Found a way in Help menus to truncate (cut short) posts. Unfortunately, it is all or nothing. So on short posts it was still saying "Read Me" for getting to the rest of the article. After navigating, multiple times, in and out of the foreign (to me) land of HTML in my template, pasting in as instructed, and then changing the "ReadMe" visible text on the link that will display in the post, I can now truncate posts. This took hours of trial and error.

Have to tolerate useless link at bottom of post, even if not needed,when the post is short. I will write "(continued)" on posts that have begining on Home Page with whole article somewhere else. Hopefully all y'all readers will figure out when to click it and when not. Clicking when not needed won't hurt anything, just a waste of time because there will be nothing more somewhere else. Maybe in the future I will find a better way to truncate. Maybe I will also find a better way to explain it, but if you are confused, so was I.

In any case, it makes it possible to ask a question on the Home Page, and not reveal the answer until clicked thru to the full post. For instance: Draw 9 dots in three rows. Like this:

Yes, I mean you - please get a piece of paper and a pencil and do it. Assuming you have done that, now put the pencil on the paper and, without picking the pencil up, in one continuous motion, draw four lines that go thru all the dots.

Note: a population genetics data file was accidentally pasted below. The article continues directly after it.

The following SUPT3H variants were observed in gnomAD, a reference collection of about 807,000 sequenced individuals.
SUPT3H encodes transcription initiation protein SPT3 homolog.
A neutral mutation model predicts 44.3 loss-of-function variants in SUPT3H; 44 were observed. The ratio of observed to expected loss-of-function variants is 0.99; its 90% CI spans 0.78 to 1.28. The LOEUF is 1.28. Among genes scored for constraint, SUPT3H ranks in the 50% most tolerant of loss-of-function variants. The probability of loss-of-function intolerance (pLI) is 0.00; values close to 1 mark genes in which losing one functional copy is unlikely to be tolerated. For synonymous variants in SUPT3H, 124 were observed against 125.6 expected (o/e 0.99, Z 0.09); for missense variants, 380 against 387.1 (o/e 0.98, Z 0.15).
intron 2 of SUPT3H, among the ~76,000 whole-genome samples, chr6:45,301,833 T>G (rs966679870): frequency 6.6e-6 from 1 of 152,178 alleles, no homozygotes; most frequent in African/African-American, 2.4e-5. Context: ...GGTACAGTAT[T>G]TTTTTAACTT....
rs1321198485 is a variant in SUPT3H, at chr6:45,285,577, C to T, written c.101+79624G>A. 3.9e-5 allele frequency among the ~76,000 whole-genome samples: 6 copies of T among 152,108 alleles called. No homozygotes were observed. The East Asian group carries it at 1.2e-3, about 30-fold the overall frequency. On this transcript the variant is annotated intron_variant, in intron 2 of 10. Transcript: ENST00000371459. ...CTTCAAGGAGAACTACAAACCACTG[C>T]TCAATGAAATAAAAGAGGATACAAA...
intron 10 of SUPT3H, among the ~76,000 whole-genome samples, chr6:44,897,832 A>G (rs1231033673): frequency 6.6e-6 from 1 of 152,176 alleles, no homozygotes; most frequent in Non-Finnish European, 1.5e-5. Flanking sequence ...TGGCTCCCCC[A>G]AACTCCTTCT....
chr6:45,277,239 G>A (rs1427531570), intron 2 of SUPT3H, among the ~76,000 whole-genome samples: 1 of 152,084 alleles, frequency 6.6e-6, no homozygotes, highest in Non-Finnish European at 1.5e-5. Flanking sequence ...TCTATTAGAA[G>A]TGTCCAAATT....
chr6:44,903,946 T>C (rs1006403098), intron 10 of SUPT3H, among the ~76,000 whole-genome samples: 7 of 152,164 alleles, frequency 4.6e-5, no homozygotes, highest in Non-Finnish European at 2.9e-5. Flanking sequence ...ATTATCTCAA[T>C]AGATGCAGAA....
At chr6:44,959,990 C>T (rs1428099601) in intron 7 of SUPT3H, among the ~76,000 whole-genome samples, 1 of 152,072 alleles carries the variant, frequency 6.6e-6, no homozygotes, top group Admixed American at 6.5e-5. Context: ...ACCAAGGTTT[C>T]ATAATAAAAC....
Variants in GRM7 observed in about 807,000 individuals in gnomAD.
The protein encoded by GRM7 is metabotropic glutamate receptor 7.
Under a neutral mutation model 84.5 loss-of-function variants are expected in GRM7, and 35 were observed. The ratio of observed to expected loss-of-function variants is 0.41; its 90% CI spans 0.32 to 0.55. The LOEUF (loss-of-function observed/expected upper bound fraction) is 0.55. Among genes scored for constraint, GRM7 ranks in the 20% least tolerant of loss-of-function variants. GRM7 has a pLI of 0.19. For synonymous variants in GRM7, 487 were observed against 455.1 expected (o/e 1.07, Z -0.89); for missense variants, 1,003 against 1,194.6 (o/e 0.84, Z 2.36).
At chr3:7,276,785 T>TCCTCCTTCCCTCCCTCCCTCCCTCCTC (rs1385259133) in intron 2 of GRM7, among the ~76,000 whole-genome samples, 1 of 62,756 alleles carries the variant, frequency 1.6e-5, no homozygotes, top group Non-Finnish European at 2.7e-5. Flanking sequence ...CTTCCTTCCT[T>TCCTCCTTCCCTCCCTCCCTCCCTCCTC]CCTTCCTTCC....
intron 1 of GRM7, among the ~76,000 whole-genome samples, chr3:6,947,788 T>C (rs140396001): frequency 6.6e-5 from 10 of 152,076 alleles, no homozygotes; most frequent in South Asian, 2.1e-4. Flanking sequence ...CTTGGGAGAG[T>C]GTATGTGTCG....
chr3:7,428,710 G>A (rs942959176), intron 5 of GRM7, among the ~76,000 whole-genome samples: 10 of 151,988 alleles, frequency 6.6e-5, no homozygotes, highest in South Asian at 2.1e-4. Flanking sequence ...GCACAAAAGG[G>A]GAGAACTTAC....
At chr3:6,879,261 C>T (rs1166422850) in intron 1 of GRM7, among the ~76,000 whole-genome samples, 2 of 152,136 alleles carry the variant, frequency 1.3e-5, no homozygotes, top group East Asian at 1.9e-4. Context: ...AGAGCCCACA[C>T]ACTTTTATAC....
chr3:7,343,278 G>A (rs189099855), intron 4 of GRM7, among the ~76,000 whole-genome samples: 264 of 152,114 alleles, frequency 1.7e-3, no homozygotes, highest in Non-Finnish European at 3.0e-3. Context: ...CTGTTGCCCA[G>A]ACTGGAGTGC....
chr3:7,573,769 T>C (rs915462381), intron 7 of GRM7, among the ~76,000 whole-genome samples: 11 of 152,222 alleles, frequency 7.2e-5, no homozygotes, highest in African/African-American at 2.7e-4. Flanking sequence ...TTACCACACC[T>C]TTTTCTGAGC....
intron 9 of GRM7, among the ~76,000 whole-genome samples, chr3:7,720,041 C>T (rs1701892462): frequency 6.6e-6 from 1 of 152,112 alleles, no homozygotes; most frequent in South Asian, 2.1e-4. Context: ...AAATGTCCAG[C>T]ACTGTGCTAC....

It can be done, but, tah dah, you must "think outside the box". here is how:

New Vrindaban Should Depend On Agriculture

My idea of developing New Vrindaban is to create an atmosphere of spiritual life where people in bona fide order of social division, namely, Brahmacaris, Grhasthas, Vanaprastha, Sannyasis, or specifically Brahmacaris and Sannyasis, and Vanaprasthas, will live there independently, completely depending on agricultural produce and milk from the cows. The life should be simplified without being hampered by laboring day and night for economic development, without any spiritual understanding.

Click to see entire August 17, 1968 letter to Hayagriva

Wednesday, August 17, 2005

Roads without Cars

Your civilization depending, your motor car civilization is depending on that ocean of oil. You are getting oil and lavishly spending it. Stock is supplied by God. Your material advancement will be finished if the stock is not supplied by the Lord. So these foolish men, they do not know. They think that "Without God we can live." Who has created the ocean of petroleum within the earth? Is it possible for human being? (laughter)

Room Conversation -- April 11, 1969, New York

Tuesday, August 16, 2005

Rationalizing Nonattainment of Goal